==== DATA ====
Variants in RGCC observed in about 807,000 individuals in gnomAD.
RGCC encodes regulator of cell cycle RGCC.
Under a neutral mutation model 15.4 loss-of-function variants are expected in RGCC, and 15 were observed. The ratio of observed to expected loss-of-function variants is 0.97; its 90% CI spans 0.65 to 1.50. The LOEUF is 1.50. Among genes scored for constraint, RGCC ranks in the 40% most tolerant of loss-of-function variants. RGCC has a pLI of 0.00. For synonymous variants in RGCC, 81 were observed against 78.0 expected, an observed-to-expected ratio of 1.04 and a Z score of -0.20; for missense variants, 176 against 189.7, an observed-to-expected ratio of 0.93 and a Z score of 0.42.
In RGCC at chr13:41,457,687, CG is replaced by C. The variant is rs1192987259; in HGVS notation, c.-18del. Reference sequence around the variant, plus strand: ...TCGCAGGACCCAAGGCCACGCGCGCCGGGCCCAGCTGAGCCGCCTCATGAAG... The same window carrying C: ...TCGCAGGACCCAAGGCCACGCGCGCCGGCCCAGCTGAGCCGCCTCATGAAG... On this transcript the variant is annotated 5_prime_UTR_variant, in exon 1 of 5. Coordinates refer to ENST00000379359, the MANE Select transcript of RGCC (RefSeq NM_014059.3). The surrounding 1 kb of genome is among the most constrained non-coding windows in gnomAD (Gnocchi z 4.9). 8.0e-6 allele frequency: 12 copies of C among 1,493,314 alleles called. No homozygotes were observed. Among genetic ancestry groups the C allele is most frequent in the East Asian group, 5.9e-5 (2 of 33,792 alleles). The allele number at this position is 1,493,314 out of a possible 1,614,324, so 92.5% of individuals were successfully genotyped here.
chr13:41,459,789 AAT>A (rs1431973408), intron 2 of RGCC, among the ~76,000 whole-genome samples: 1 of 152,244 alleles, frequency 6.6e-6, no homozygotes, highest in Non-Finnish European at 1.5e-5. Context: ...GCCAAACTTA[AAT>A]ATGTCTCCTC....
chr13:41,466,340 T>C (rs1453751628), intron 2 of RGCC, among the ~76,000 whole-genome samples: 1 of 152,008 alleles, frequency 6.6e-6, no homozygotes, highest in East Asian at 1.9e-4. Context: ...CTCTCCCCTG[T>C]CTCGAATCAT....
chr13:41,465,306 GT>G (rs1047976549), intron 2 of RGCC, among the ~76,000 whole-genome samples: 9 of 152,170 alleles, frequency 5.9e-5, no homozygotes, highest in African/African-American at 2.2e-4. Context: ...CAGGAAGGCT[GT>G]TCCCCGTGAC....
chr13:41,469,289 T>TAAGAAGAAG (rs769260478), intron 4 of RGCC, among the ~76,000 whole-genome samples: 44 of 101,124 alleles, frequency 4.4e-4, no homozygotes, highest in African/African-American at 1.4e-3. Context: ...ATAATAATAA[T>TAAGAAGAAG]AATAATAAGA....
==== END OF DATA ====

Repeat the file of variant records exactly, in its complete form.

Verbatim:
Variants in RGCC observed in about 807,000 individuals in gnomAD.
RGCC encodes regulator of cell cycle RGCC.
Under a neutral mutation model 15.4 loss-of-function variants are expected in RGCC, and 15 were observed. The ratio of observed to expected loss-of-function variants is 0.97; its 90% CI spans 0.65 to 1.50. The LOEUF is 1.50. Among genes scored for constraint, RGCC ranks in the 40% most tolerant of loss-of-function variants. RGCC has a pLI of 0.00. For synonymous variants in RGCC, 81 were observed against 78.0 expected, an observed-to-expected ratio of 1.04 and a Z score of -0.20; for missense variants, 176 against 189.7, an observed-to-expected ratio of 0.93 and a Z score of 0.42.
In RGCC at chr13:41,457,687, CG is replaced by C. The variant is rs1192987259; in HGVS notation, c.-18del. Reference sequence around the variant, plus strand: ...TCGCAGGACCCAAGGCCACGCGCGCCGGGCCCAGCTGAGCCGCCTCATGAAG... The same window carrying C: ...TCGCAGGACCCAAGGCCACGCGCGCCGGCCCAGCTGAGCCGCCTCATGAAG... On this transcript the variant is annotated 5_prime_UTR_variant, in exon 1 of 5. Coordinates refer to ENST00000379359, the MANE Select transcript of RGCC (RefSeq NM_014059.3). The surrounding 1 kb of genome is among the most constrained non-coding windows in gnomAD (Gnocchi z 4.9). 8.0e-6 allele frequency: 12 copies of C among 1,493,314 alleles called. No homozygotes were observed. Among genetic ancestry groups the C allele is most frequent in the East Asian group, 5.9e-5 (2 of 33,792 alleles). The allele number at this position is 1,493,314 out of a possible 1,614,324, so 92.5% of individuals were successfully genotyped here.
chr13:41,459,789 AAT>A (rs1431973408), intron 2 of RGCC, among the ~76,000 whole-genome samples: 1 of 152,244 alleles, frequency 6.6e-6, no homozygotes, highest in Non-Finnish European at 1.5e-5. Context: ...GCCAAACTTA[AAT>A]ATGTCTCCTC....
chr13:41,466,340 T>C (rs1453751628), intron 2 of RGCC, among the ~76,000 whole-genome samples: 1 of 152,008 alleles, frequency 6.6e-6, no homozygotes, highest in East Asian at 1.9e-4. Context: ...CTCTCCCCTG[T>C]CTCGAATCAT....
chr13:41,465,306 GT>G (rs1047976549), intron 2 of RGCC, among the ~76,000 whole-genome samples: 9 of 152,170 alleles, frequency 5.9e-5, no homozygotes, highest in African/African-American at 2.2e-4. Context: ...CAGGAAGGCT[GT>G]TCCCCGTGAC....
chr13:41,469,289 T>TAAGAAGAAG (rs769260478), intron 4 of RGCC, among the ~76,000 whole-genome samples: 44 of 101,124 alleles, frequency 4.4e-4, no homozygotes, highest in African/African-American at 1.4e-3. Context: ...ATAATAATAA[T>TAAGAAGAAG]AATAATAAGA....